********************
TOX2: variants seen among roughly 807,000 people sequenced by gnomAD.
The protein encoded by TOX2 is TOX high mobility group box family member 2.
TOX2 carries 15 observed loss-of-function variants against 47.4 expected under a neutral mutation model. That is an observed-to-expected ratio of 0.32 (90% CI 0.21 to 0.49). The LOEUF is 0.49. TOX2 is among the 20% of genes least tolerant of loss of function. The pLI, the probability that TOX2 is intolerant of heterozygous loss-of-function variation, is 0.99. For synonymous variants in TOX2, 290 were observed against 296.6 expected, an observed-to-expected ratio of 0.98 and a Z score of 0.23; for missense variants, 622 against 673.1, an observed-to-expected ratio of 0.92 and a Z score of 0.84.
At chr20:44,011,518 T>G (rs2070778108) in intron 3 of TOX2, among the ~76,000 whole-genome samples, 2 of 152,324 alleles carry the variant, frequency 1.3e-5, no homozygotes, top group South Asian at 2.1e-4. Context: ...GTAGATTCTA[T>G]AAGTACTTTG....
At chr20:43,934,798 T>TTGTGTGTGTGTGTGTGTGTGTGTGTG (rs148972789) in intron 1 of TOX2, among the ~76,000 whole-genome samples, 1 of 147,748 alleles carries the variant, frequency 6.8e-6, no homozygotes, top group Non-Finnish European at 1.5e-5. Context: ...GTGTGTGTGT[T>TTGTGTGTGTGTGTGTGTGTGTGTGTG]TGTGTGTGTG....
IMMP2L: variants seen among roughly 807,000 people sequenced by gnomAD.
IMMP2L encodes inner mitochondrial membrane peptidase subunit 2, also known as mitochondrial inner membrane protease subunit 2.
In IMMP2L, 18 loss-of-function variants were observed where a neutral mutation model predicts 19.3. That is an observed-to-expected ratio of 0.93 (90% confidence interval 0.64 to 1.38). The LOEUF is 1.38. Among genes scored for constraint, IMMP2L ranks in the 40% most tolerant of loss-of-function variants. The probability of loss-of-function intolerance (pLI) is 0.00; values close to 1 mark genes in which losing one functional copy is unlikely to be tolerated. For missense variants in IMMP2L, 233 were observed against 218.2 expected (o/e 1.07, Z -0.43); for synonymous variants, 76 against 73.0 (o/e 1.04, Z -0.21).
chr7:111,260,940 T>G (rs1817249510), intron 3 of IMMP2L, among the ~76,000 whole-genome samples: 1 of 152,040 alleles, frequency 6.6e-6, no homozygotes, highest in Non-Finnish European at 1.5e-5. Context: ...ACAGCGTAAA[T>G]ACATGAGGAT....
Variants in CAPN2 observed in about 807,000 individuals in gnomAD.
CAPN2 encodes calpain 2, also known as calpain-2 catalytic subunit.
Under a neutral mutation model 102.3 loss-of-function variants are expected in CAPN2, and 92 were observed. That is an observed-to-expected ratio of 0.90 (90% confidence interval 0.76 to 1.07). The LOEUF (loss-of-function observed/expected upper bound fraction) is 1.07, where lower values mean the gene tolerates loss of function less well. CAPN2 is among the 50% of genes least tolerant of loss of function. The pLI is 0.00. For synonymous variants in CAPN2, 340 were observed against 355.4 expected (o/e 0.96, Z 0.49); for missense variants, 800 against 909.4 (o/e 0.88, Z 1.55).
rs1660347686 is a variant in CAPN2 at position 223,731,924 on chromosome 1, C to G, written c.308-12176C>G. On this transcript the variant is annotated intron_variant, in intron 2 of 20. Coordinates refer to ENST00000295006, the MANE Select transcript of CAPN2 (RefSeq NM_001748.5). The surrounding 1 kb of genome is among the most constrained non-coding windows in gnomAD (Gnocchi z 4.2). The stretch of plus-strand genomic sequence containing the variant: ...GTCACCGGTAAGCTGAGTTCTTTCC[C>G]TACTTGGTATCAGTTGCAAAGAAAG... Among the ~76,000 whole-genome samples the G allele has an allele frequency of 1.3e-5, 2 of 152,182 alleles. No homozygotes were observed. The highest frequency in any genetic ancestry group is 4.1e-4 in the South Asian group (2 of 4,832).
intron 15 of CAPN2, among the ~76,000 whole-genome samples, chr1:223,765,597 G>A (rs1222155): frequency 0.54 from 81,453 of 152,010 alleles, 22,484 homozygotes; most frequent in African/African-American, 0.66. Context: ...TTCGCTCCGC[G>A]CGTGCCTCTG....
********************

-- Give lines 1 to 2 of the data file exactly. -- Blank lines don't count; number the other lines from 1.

TOX2: variants seen among roughly 807,000 people sequenced by gnomAD.
The protein encoded by TOX2 is TOX high mobility group box family member 2.